Uh turn with me to page 251 thereabouts. In this section of woes, in Verses 16 and following – let's see. That would be page 251. Uh, here you have line 54, "Woe to you blind guides who say if anyone swears by the temple, it is nothing, but if anyone swears by the gold of the temple, it's bound – he is bound by and oath. For which is greater, you fools, the gold of the temple that has made the gold sacred – the gold or the temple that has made the gold sacred?" Now, notice he talks about the swearing of oaths, and he doesn’t explain it to his readers. What is this matter of swearing oath, a temple or gold or things like that? Well, Jewish – Jewish readers understood that. You don't have to explain it to them.
When you get to page – l – line 66 and following on the next page, "Woe to you scribes and Pharisees, hypocrites, for you tithe mint and dill and cumin and have neglected the weightier matters of the law justice and mercy and," what is this tithing of mint dill and cumin? What is all of that about? He doesn’t bother explaining that.
Uh, 25, "Woe to you scribes and Pharisees, hypocrites, for you cleansed the outside of the cup and the plate." What, uh – what did he mean by that? What's this ceremonial washings and things of this nature? He assumes his audience knows? He doesn’t have to explain that to them. Why explain it to people who already know that material? He uses other kinds of devices. Uh, for instance the word David – the name – if you add up the consonants, D, V, D – not – the vowels are not counted, uh – you come up the number 14. Well, the genealogy has three groups of 14, so that, again, is – that would be a very common, uh, use of what we call Gematria in Exegesis.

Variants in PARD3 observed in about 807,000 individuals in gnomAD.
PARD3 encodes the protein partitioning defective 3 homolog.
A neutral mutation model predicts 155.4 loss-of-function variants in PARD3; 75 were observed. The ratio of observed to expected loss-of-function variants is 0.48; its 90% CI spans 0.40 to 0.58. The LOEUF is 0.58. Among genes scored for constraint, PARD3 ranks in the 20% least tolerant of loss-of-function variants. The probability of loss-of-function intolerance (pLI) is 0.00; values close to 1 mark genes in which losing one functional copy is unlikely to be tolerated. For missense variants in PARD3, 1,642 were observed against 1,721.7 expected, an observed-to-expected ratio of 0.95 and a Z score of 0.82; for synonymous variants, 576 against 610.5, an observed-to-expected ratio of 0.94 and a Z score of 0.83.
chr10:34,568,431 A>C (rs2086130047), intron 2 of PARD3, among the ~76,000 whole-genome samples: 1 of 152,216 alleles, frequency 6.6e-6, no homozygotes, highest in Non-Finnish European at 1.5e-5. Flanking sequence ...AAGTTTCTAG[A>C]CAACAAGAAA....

Expressions – kingdom of heaven versus kingdom of God – why, in all but four instances, are all the kingdom of Gods in Mark changed to kingdom of heaven? Y – you only can understand that by a Jewish practice and that is to avoid God's name. "Thou shalt not take the name of the Lord, your God, in vain," or if you don't take it in vain, maybe the best way of doing it is avoid it all together. Substitute something else. So he substitutes – heaven – Jesus practiced that. A Jew today never will mention the name of Yahweh. Yahweh is the way that the word LORD with capital letters, L-O-R-D, translates the Hebrew word Yahweh. "Thou shalt not take the name of the LORD" – L-O-R-D – capital letters – "Yahweh, your God [inaudible] in vain. To protect against doing that, devout Jews, way back before Jesus' day, simply would not pronounce the sacred name Yahweh. They would substitute something, and in the Septuagint, they substitute a – a different name for that.